By contrast, to be at leisure is choosing to be free for an extended period, without the immediate need to return to the work task. It’s not part of normal working at all. It’s totally exclusive and does not happen by chance or circumstance. It must be deliberate. Leisure makes us free to pursue studies and activities aimed at the cultivation of virtue and character. It affects who we are, not just what we are doing. Proper leisure produces growth of the mind and spirit. This is a conscious decision. The purpose of good leisure is maturation, education, and healing. The intent is not mindless distraction and entertainment, but mindful meditation and growth. The intent matters. The “why” comes first, followed by the “how.” The “what” is probably least important. Socrates referred to real leisure as, “the most valuable of possessions.” For those that get it right, every aspect of their life improves. I’m going to repeat that message. For those who get leisure right, every aspect of their life improves.

The point of good leisure is not just to be at leisure, but to intentionally use it to be able to place more abundant living into the ordinary times. It’s transformational. When executed well, it makes us more present, more aware, and more effective. It requires intense focus and mindfulness. It does not exist just because work has stopped. It doesn’t show up automatically or unintentionally. Unlike amusements, if leisure isn’t done correctly, it produces very little benefit.

If our focus is 99% work and 1% leisure, we won’t make it very far. We must make an intentional shift and give the leisure a place of prominence in our lives, in our minds, and in our hearts. Our culture is starving for deep and meaningful conversation that produces change. We long to discover the virtue that deep down, we believe exists in some men, however rare it may be. Leisure helps us to see more clearly what we need to do, because the focus is on something greater than a monetary project. It transforms our work because we can connect with “why” we want to do it a different way. Our work can then become a purposeful form of duty and sacrifice. We offer our best, constantly improving, and can offer something better on the next round. One of my favorite authors, Archbishop Fulton Sheen puts it this way, “No amount of piety in leisure hours can compensate for slipshod labor on the job. But any honest task, well done, can be turned into a prayer.”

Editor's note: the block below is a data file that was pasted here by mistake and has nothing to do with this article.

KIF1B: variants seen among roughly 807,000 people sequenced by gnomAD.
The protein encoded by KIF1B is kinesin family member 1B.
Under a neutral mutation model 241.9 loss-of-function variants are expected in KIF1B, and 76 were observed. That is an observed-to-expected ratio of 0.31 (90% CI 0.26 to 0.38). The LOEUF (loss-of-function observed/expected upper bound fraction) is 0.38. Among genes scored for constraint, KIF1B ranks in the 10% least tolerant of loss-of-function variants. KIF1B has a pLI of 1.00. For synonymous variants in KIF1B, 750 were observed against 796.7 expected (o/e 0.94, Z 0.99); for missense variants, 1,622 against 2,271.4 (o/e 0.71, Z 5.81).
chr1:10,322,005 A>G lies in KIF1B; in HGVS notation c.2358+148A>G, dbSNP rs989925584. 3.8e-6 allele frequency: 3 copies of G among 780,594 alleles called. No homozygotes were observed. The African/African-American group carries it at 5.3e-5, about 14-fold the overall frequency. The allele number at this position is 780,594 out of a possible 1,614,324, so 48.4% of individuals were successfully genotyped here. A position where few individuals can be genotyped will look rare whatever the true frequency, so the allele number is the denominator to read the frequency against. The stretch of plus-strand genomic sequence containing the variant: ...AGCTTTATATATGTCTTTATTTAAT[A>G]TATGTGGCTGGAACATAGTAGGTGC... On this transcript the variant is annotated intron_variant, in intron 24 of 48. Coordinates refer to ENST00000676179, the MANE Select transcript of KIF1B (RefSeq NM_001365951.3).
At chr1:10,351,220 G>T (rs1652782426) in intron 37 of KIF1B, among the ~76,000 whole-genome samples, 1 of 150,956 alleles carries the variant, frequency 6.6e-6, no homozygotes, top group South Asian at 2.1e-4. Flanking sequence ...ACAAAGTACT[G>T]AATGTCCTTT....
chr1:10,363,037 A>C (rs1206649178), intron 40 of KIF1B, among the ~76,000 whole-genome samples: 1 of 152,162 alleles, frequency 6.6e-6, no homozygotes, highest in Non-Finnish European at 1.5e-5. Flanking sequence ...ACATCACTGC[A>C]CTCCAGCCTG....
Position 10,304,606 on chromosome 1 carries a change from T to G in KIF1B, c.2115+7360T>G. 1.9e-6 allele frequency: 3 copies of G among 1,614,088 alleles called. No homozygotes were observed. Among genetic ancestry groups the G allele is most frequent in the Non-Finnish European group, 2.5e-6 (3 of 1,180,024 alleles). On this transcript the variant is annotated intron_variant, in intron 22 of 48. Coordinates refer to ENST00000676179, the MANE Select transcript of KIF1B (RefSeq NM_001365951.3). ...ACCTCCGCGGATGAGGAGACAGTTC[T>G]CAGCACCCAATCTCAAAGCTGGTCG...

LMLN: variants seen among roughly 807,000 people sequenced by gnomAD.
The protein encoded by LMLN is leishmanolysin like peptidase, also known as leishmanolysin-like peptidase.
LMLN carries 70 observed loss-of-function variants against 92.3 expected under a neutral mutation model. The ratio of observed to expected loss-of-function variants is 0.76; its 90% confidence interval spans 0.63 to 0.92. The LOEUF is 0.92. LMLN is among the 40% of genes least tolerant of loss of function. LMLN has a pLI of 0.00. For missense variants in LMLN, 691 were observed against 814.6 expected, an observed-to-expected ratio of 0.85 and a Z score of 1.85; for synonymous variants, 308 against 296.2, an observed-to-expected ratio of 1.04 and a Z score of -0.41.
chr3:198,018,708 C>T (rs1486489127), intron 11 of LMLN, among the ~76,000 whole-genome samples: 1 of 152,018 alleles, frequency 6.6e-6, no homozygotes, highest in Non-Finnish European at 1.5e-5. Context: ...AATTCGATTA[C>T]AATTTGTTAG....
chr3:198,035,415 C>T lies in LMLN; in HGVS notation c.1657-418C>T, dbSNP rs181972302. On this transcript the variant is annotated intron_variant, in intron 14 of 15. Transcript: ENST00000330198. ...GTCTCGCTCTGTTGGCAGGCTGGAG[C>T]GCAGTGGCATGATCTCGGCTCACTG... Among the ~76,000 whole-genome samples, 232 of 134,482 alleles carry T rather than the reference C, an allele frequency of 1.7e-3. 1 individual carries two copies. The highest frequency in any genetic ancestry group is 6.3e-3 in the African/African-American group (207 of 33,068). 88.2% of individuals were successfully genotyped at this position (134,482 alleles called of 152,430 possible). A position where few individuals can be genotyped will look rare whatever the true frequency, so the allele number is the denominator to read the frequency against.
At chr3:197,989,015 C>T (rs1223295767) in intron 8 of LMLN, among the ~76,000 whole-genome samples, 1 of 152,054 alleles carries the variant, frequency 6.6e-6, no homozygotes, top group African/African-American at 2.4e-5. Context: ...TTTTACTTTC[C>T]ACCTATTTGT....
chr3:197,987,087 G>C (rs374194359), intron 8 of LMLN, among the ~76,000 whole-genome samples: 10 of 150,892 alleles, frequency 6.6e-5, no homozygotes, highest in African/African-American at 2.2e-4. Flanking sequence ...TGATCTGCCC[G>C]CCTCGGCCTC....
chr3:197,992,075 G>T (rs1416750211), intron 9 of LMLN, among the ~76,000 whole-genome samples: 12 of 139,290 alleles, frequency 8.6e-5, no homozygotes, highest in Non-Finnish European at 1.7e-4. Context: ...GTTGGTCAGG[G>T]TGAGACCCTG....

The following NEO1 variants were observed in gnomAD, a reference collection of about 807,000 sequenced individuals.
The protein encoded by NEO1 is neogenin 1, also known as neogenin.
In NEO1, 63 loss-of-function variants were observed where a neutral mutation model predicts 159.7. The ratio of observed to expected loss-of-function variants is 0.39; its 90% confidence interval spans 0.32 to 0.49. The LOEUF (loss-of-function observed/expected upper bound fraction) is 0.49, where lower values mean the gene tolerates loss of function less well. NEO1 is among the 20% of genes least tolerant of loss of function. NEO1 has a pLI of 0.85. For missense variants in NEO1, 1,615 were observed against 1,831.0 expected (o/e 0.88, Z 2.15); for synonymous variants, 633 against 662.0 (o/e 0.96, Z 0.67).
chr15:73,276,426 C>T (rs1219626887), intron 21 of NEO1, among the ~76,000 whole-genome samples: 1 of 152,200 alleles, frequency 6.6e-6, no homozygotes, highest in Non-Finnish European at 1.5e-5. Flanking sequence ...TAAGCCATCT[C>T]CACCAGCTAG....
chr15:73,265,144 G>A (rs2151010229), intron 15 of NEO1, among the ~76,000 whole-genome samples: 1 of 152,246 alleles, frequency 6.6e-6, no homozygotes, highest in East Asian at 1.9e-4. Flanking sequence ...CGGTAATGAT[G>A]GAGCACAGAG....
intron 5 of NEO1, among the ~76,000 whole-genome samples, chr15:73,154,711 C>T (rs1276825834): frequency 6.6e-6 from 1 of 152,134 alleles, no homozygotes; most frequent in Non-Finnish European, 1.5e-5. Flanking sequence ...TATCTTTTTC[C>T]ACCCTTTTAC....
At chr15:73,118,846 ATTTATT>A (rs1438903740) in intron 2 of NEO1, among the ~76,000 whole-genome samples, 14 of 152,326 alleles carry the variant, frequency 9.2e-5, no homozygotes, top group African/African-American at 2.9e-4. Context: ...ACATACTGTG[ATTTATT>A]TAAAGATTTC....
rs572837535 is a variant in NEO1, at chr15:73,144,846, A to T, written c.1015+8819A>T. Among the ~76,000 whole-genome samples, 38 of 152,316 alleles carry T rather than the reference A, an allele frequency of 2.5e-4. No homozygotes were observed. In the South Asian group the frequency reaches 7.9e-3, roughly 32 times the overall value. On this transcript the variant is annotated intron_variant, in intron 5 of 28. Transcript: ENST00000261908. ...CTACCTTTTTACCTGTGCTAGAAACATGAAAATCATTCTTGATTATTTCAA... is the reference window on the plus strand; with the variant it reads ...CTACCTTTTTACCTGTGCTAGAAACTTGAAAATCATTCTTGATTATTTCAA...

What if you decided to stop, look, and listen to your own life and the lives around you? What if you took a half day this weekend to be alone? What if you made an open ended reservation to have dinner with an elderly friend and have deep, meaningful conversation? What if you properly used your weekend? How about taking a sick/vacation day off to sit and read a book, take a course, work on your art, or go on a pilgrimage? Doesn’t your mind need this? What if you stopped talking, and started listening? What if we stopped working and started breathing?

What if you learned how to make leisure work for you instead of working all day in hopes of one day having it?

Whatever you choose, place a pious intent at the forefront and keep it firmly fixed there. That alone has the potential to change everything. Know why you are entering this space. Don’t be discouraged if you fail to see immediate results. Return back to the place of leisure, time and again, refining the focus and the will ever more. Practice until you master the craft. Know her intimately and visit her often. She will always be good to you.

A simple-minded contemplative